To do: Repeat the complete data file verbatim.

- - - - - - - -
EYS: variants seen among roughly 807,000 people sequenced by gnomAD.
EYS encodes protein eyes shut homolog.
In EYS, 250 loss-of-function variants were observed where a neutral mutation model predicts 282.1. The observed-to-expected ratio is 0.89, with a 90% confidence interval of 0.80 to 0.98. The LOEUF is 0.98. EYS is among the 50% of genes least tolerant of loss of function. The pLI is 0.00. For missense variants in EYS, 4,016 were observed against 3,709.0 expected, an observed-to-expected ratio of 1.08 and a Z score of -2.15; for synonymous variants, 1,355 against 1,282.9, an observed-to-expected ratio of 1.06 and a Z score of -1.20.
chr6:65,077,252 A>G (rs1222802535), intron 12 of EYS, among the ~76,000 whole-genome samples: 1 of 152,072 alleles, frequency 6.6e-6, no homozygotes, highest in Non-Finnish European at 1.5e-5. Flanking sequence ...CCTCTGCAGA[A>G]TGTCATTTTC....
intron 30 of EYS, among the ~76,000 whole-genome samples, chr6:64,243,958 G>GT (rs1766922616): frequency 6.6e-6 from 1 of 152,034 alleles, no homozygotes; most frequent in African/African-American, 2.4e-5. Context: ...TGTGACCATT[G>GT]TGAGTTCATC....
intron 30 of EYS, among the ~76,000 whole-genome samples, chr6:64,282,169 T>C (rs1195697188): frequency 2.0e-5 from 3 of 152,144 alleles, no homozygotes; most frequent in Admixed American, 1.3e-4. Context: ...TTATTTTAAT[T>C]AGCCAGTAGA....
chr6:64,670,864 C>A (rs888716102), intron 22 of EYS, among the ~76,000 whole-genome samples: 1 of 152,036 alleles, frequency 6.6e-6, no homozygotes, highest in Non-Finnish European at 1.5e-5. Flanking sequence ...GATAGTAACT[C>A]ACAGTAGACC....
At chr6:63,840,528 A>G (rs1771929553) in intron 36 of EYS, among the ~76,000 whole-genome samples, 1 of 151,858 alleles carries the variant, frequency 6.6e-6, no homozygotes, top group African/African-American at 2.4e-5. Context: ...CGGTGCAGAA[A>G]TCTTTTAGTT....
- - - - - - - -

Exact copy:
EYS: variants seen among roughly 807,000 people sequenced by gnomAD.
EYS encodes protein eyes shut homolog.
In EYS, 250 loss-of-function variants were observed where a neutral mutation model predicts 282.1. The observed-to-expected ratio is 0.89, with a 90% confidence interval of 0.80 to 0.98. The LOEUF is 0.98. EYS is among the 50% of genes least tolerant of loss of function. The pLI is 0.00. For missense variants in EYS, 4,016 were observed against 3,709.0 expected, an observed-to-expected ratio of 1.08 and a Z score of -2.15; for synonymous variants, 1,355 against 1,282.9, an observed-to-expected ratio of 1.06 and a Z score of -1.20.
chr6:65,077,252 A>G (rs1222802535), intron 12 of EYS, among the ~76,000 whole-genome samples: 1 of 152,072 alleles, frequency 6.6e-6, no homozygotes, highest in Non-Finnish European at 1.5e-5. Flanking sequence ...CCTCTGCAGA[A>G]TGTCATTTTC....
intron 30 of EYS, among the ~76,000 whole-genome samples, chr6:64,243,958 G>GT (rs1766922616): frequency 6.6e-6 from 1 of 152,034 alleles, no homozygotes; most frequent in African/African-American, 2.4e-5. Context: ...TGTGACCATT[G>GT]TGAGTTCATC....
intron 30 of EYS, among the ~76,000 whole-genome samples, chr6:64,282,169 T>C (rs1195697188): frequency 2.0e-5 from 3 of 152,144 alleles, no homozygotes; most frequent in Admixed American, 1.3e-4. Context: ...TTATTTTAAT[T>C]AGCCAGTAGA....
chr6:64,670,864 C>A (rs888716102), intron 22 of EYS, among the ~76,000 whole-genome samples: 1 of 152,036 alleles, frequency 6.6e-6, no homozygotes, highest in Non-Finnish European at 1.5e-5. Flanking sequence ...GATAGTAACT[C>A]ACAGTAGACC....
At chr6:63,840,528 A>G (rs1771929553) in intron 36 of EYS, among the ~76,000 whole-genome samples, 1 of 151,858 alleles carries the variant, frequency 6.6e-6, no homozygotes, top group African/African-American at 2.4e-5. Context: ...CGGTGCAGAA[A>G]TCTTTTAGTT....